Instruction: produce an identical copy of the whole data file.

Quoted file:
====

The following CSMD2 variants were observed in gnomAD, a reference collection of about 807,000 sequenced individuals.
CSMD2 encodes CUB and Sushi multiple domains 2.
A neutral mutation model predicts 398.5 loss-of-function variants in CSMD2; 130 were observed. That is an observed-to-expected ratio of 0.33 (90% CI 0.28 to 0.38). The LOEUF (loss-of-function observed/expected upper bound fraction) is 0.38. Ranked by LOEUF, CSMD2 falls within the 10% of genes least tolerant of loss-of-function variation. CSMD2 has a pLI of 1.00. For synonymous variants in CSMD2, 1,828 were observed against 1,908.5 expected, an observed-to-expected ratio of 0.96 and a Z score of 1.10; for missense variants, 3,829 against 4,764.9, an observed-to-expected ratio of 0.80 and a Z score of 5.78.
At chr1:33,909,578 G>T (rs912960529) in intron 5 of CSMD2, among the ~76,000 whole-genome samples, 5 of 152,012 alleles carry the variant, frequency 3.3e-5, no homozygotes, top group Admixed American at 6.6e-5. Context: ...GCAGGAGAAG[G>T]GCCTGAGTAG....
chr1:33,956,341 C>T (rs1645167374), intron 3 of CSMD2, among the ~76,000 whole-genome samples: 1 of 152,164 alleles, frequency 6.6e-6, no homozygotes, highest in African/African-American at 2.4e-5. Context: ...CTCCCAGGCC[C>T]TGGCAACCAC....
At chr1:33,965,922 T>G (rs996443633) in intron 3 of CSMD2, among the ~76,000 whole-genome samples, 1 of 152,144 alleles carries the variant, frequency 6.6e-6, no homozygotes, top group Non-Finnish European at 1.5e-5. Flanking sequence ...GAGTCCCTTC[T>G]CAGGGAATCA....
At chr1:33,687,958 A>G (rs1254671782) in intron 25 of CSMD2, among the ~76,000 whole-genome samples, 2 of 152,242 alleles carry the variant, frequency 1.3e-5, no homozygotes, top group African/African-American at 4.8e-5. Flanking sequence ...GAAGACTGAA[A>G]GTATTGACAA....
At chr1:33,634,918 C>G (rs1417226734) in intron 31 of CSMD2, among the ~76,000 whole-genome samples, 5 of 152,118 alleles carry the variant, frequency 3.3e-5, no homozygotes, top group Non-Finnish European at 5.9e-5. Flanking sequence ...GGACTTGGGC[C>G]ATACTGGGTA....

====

The following CSMD2 variants were observed in gnomAD, a reference collection of about 807,000 sequenced individuals.
CSMD2 encodes CUB and Sushi multiple domains 2.
A neutral mutation model predicts 398.5 loss-of-function variants in CSMD2; 130 were observed. That is an observed-to-expected ratio of 0.33 (90% CI 0.28 to 0.38). The LOEUF (loss-of-function observed/expected upper bound fraction) is 0.38. Ranked by LOEUF, CSMD2 falls within the 10% of genes least tolerant of loss-of-function variation. CSMD2 has a pLI of 1.00. For synonymous variants in CSMD2, 1,828 were observed against 1,908.5 expected, an observed-to-expected ratio of 0.96 and a Z score of 1.10; for missense variants, 3,829 against 4,764.9, an observed-to-expected ratio of 0.80 and a Z score of 5.78.
At chr1:33,909,578 G>T (rs912960529) in intron 5 of CSMD2, among the ~76,000 whole-genome samples, 5 of 152,012 alleles carry the variant, frequency 3.3e-5, no homozygotes, top group Admixed American at 6.6e-5. Context: ...GCAGGAGAAG[G>T]GCCTGAGTAG....
chr1:33,956,341 C>T (rs1645167374), intron 3 of CSMD2, among the ~76,000 whole-genome samples: 1 of 152,164 alleles, frequency 6.6e-6, no homozygotes, highest in African/African-American at 2.4e-5. Context: ...CTCCCAGGCC[C>T]TGGCAACCAC....
At chr1:33,965,922 T>G (rs996443633) in intron 3 of CSMD2, among the ~76,000 whole-genome samples, 1 of 152,144 alleles carries the variant, frequency 6.6e-6, no homozygotes, top group Non-Finnish European at 1.5e-5. Flanking sequence ...GAGTCCCTTC[T>G]CAGGGAATCA....
At chr1:33,687,958 A>G (rs1254671782) in intron 25 of CSMD2, among the ~76,000 whole-genome samples, 2 of 152,242 alleles carry the variant, frequency 1.3e-5, no homozygotes, top group African/African-American at 4.8e-5. Flanking sequence ...GAAGACTGAA[A>G]GTATTGACAA....
At chr1:33,634,918 C>G (rs1417226734) in intron 31 of CSMD2, among the ~76,000 whole-genome samples, 5 of 152,118 alleles carry the variant, frequency 3.3e-5, no homozygotes, top group Non-Finnish European at 5.9e-5. Flanking sequence ...GGACTTGGGC[C>G]ATACTGGGTA....